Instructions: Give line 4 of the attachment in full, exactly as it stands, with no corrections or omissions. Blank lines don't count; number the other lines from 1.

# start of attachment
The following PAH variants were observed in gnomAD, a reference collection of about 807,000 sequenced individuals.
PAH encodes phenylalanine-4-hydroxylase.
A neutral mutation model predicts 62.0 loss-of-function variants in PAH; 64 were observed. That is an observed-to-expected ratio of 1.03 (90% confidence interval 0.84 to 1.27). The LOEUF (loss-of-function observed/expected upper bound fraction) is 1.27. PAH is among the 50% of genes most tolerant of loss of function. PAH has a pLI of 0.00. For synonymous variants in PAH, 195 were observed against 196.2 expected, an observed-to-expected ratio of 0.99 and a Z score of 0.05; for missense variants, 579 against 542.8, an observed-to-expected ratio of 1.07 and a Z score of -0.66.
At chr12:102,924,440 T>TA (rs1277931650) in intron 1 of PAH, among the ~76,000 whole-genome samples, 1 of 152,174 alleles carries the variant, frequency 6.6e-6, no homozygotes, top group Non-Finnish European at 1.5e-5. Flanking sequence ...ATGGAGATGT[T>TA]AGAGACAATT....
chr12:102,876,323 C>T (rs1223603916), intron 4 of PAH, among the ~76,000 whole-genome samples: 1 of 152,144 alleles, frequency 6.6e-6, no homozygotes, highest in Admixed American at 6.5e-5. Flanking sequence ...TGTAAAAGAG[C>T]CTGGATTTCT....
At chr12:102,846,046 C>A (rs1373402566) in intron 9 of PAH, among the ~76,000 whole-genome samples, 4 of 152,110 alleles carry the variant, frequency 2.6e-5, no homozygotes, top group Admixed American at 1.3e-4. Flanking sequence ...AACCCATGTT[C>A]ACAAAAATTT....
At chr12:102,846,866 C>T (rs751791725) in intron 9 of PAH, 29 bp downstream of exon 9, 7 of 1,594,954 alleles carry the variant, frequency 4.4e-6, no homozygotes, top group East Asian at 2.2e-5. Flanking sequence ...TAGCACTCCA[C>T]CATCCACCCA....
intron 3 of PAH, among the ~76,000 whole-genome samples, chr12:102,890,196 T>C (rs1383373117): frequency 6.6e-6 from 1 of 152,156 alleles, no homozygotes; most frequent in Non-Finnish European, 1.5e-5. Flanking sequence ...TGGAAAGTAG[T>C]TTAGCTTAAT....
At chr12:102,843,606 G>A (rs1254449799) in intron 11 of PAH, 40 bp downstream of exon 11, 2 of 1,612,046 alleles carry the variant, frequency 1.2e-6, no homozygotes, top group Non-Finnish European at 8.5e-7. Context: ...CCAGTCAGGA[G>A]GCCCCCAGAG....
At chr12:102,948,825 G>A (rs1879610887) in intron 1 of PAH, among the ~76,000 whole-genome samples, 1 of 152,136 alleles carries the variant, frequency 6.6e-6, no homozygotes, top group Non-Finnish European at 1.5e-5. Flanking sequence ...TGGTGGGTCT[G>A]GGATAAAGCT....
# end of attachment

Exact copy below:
At chr12:102,924,440 T>TA (rs1277931650) in intron 1 of PAH, among the ~76,000 whole-genome samples, 1 of 152,174 alleles carries the variant, frequency 6.6e-6, no homozygotes, top group Non-Finnish European at 1.5e-5. Flanking sequence ...ATGGAGATGT[T>TA]AGAGACAATT....